Cosplay has since become a very well-known practice among fans of video games, comics, anime, and many other forms of pop culture worldwide. Otaku is more often used to express someone’s interest in Japanese hobbies than anything else; a fan might say that they are “otaku” of a certain Japanese show or of anime in general. However, the term was originally used often more pejoratively; for example, one 1992 article in British culture magazine The Face used phrases like “socially inept” and “technological shut-ins”, alongside less disparaging ones like “information-crazed, often brilliant” to describe otaku. The term emoji (the Japanese equivalent of emoticon, which itself originated in the very early nineties) has become increasingly popular outside Japan thanks to the eponymous iPhone app – the word entered the Oxford English Dictionary (OED) in December 2013 – but, again, it actually originated in the nineties.
Slang of the nineties
Though many of the slang terms of the nineties haven’t exactly stood the test of time, most people who lived through the decade would be hard-pressed to forget their cultural relevancy. Thanks to the country stylings of Billy Ray Cyrus, the term achy-breaky (meaning sad or hurt) originated and became popular in the nineties. The term crunk, which would in the following decade refer to a new subgenre of hip-hop music, also came into use around 1995 as a slang adjective originating in the U.S. meaning “very excited or energized”. Of course, not many could forget Y2K, computing slang that referred not only to the year 2000 but also to the anticipated (but ultimately almost universally nonexistent) problems that would occur when computer systems switched to the year 2000.
Many popular words originated in the nineties that had their roots in books or films. Interestingly enough, many of these terms weren’t even from works of the nineties at all; the term Eeyorish, referring to the melancholy donkey Eeyore from Winnie-The-Pooh, became a popular adjective meaning “deeply pessimistic or gloomy” during the nineties (even though A.A. Milne’s children’s book was published in 1926) and eventually even entered the OED. The term Scooby was also used in the nineties, not only to refer to the famous cartoon canine Scooby-Doo, but also as a synonym for the word clue (e.g. “I don’t have a Scooby as to why this is happening”). Amusingly, and perhaps most surprisingly, the term shagadelic originated not from the sixties but from a parody of the sixties (and 1960s spy films): Austin Powers. The word actually gained enough popularity to enter the popular vernacular in the nineties (and the OED in 2007) when the first film in the series was released.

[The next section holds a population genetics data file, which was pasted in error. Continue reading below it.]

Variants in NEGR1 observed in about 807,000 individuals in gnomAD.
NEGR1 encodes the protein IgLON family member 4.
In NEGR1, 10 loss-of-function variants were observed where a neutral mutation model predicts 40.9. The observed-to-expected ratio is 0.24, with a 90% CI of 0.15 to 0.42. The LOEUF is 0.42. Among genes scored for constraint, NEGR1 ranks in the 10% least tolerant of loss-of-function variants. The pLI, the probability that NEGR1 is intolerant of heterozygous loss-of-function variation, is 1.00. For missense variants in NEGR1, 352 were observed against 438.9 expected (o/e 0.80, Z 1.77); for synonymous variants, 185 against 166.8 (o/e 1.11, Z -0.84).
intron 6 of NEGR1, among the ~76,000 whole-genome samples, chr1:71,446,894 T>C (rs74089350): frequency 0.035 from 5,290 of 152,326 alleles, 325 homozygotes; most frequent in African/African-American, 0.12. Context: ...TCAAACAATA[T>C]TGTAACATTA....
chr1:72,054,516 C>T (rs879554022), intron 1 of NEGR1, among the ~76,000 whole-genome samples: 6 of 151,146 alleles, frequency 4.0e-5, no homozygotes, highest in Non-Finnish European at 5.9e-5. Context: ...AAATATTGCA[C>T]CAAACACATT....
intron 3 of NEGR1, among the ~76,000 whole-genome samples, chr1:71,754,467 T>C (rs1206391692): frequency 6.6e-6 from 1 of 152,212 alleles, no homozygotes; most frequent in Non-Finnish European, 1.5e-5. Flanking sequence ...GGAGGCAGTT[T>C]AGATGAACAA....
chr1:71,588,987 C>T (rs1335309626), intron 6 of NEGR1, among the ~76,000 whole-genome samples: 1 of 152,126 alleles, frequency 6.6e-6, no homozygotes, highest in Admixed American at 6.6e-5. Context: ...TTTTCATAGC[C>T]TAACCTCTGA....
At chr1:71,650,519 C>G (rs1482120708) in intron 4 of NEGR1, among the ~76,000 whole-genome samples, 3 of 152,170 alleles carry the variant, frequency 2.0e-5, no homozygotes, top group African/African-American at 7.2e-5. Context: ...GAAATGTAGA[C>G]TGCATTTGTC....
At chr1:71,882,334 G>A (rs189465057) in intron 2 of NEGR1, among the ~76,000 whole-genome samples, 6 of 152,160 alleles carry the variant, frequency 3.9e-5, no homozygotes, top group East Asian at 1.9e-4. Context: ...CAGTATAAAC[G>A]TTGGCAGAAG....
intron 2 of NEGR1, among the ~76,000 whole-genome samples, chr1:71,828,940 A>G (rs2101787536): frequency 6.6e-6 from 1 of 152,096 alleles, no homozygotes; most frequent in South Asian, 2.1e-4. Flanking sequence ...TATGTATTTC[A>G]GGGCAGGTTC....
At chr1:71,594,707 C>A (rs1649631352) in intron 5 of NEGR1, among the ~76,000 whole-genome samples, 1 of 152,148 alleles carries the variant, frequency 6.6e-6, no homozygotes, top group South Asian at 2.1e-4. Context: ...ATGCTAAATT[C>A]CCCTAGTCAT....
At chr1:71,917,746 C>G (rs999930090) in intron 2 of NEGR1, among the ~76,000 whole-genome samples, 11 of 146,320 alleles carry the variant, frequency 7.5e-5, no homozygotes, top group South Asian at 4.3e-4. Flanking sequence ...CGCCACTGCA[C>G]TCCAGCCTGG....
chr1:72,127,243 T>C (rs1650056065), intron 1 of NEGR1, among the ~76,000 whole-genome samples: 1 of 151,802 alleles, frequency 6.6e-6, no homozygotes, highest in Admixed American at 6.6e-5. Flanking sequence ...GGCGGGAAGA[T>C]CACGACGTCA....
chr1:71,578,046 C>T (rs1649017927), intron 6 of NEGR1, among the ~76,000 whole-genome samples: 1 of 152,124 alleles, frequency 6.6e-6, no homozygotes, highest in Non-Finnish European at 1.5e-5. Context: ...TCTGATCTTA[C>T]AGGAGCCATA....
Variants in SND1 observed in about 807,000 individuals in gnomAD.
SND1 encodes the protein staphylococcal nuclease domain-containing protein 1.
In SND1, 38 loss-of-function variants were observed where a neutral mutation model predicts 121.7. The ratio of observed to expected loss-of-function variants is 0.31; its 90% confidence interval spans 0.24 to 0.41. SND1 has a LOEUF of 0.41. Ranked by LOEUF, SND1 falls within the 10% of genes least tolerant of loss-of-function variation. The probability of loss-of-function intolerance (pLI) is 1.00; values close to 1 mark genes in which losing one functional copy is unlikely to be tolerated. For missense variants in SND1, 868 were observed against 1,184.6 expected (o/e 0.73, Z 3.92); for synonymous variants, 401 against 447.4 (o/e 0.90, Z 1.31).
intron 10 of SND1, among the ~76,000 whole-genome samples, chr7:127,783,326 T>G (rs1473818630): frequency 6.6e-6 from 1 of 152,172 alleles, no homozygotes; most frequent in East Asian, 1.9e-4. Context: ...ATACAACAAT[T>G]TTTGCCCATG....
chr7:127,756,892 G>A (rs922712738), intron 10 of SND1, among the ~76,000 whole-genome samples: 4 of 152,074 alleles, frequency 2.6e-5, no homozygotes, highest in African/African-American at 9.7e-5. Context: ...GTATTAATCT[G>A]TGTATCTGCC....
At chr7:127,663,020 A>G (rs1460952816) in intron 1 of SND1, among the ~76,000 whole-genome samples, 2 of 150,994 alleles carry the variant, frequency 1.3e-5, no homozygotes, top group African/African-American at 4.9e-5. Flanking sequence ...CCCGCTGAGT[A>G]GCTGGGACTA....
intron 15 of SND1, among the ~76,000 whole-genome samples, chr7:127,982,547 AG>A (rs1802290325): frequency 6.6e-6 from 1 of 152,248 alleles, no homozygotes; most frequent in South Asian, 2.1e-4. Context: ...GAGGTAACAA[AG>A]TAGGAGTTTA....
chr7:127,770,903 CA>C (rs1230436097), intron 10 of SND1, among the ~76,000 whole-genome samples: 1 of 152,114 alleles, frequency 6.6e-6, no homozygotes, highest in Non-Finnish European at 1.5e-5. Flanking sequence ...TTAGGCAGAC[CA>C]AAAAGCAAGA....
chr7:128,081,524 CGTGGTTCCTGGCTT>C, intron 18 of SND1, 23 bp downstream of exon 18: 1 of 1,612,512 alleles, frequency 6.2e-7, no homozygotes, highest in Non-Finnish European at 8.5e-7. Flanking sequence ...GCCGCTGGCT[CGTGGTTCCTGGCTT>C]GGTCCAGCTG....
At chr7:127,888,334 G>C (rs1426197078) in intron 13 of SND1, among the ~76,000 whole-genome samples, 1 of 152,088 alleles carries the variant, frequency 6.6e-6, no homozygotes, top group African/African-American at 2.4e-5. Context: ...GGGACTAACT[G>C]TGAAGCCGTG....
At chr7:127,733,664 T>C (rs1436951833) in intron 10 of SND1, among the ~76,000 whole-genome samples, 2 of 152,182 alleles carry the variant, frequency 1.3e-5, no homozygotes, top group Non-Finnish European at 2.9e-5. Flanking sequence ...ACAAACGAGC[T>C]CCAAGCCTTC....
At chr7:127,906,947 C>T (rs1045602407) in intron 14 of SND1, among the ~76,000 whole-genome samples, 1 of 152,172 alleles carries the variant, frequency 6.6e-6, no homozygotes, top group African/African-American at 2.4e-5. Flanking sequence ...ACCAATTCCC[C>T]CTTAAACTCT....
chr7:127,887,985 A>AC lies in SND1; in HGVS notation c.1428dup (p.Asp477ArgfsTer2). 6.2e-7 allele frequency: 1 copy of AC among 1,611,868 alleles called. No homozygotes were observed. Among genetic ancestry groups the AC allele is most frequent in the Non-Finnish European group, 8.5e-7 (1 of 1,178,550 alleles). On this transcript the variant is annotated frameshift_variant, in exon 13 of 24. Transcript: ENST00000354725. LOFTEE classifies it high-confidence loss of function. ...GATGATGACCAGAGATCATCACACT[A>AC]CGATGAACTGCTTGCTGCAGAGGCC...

Unexpected words of the nineties
Like many of the terms relating to technology, there are a lot of other nineties words in the OED that seem anachronistic. However, this is not only true of words expected to be added after the nineties but also of words that seem as though they would have been added long before. Interestingly, portobello, though a common term for a certain type of edible mushroom which has been cultivated for several centuries, is currently first recorded in the nineties. It is also somewhat surprising that the term mullet (a hairstyle in which the front and sides are cut short and the back kept long) didn’t reach its peak popularity until the nineties, when it was said to have been apparently coined and certainly popularized by the Beastie Boys in their 1994 song Mullet Head. Terms like these (and many others) show that, although the nineties aren’t always remembered as vividly or as often as the decades before them, they were a time of great social and technological change that fostered linguistic productivity.